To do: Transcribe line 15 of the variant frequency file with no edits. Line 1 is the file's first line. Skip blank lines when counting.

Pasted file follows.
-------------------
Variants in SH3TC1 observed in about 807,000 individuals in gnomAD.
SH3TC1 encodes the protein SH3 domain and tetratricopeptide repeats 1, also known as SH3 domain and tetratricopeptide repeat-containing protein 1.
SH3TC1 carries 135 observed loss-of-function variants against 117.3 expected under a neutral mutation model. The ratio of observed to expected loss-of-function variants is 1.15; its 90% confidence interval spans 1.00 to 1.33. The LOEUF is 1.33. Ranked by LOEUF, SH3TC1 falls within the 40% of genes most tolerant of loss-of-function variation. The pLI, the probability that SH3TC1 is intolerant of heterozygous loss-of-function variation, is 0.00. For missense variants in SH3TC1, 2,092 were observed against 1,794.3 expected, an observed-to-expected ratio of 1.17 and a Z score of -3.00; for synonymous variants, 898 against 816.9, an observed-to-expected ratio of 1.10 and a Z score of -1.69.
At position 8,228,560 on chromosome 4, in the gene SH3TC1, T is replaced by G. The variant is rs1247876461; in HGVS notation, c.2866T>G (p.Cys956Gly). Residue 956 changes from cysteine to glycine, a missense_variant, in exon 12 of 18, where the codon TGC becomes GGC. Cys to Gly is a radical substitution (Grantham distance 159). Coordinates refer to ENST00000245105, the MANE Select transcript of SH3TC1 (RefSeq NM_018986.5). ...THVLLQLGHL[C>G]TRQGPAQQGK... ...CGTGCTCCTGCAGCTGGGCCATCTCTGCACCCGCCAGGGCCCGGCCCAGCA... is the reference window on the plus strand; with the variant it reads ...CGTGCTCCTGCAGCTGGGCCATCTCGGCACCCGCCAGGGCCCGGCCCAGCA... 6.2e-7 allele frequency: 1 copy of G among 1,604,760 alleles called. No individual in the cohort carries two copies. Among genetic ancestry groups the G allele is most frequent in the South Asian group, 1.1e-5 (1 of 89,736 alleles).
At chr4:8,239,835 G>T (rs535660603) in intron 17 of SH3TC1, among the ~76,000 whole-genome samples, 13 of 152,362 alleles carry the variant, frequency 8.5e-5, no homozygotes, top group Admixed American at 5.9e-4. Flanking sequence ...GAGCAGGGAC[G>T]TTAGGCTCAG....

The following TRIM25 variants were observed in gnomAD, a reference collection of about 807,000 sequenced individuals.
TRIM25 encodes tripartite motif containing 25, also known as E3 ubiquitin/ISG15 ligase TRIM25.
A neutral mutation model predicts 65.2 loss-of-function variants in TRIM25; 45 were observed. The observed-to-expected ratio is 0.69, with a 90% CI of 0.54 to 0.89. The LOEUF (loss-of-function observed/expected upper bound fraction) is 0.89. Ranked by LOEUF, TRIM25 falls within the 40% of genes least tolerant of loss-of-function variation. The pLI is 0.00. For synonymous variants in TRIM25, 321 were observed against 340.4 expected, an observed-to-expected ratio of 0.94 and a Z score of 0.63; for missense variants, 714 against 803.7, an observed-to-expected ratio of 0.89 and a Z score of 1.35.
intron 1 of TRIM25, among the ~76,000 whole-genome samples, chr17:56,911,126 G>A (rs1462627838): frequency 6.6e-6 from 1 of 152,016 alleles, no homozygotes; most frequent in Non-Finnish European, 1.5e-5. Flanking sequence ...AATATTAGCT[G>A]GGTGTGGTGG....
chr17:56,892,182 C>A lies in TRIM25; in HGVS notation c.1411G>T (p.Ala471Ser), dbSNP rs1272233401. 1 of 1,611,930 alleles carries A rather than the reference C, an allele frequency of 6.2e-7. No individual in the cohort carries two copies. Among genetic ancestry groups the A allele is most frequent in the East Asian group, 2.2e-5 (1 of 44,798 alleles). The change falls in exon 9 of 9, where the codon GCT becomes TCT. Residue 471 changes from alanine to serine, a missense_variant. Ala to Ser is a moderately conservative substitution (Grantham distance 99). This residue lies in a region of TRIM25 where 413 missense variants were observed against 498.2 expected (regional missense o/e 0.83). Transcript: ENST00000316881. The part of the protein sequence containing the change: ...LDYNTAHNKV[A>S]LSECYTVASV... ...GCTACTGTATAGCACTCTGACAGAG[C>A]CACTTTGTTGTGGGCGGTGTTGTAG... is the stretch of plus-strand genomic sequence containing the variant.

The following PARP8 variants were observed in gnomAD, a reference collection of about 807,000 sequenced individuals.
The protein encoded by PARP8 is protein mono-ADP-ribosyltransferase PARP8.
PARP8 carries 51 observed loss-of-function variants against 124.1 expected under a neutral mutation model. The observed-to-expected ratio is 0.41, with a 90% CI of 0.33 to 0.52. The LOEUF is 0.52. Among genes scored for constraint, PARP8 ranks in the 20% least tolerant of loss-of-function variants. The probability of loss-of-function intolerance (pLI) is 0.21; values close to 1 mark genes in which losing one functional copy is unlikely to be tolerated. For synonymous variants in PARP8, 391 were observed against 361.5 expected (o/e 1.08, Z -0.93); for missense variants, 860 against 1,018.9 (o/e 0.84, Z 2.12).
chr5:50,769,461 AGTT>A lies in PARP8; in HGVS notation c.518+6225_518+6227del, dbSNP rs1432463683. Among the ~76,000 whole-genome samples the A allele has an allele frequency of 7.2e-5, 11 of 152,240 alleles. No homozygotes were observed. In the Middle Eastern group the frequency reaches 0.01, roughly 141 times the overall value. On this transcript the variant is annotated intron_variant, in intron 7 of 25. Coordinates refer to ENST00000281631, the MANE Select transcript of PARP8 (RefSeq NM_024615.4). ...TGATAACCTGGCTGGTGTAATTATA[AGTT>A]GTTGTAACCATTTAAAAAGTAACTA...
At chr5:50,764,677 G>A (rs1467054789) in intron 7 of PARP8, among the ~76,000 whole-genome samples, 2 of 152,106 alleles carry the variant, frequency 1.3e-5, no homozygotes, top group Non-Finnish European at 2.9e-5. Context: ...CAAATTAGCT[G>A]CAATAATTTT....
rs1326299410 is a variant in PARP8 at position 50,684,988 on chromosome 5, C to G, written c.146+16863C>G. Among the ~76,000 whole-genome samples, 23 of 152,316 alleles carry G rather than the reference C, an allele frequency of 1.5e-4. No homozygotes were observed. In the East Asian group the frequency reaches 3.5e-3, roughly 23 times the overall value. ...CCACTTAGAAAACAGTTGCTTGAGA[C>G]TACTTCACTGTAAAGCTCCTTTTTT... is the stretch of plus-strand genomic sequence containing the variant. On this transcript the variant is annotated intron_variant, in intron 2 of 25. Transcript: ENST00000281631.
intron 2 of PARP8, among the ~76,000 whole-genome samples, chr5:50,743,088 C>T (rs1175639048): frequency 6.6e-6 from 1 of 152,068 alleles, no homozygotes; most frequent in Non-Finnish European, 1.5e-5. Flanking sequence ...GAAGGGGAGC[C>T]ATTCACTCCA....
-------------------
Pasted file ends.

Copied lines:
At chr5:50,764,677 G>A (rs1467054789) in intron 7 of PARP8, among the ~76,000 whole-genome samples, 2 of 152,106 alleles carry the variant, frequency 1.3e-5, no homozygotes, top group Non-Finnish European at 2.9e-5. Context: ...CAAATTAGCT[G>A]CAATAATTTT....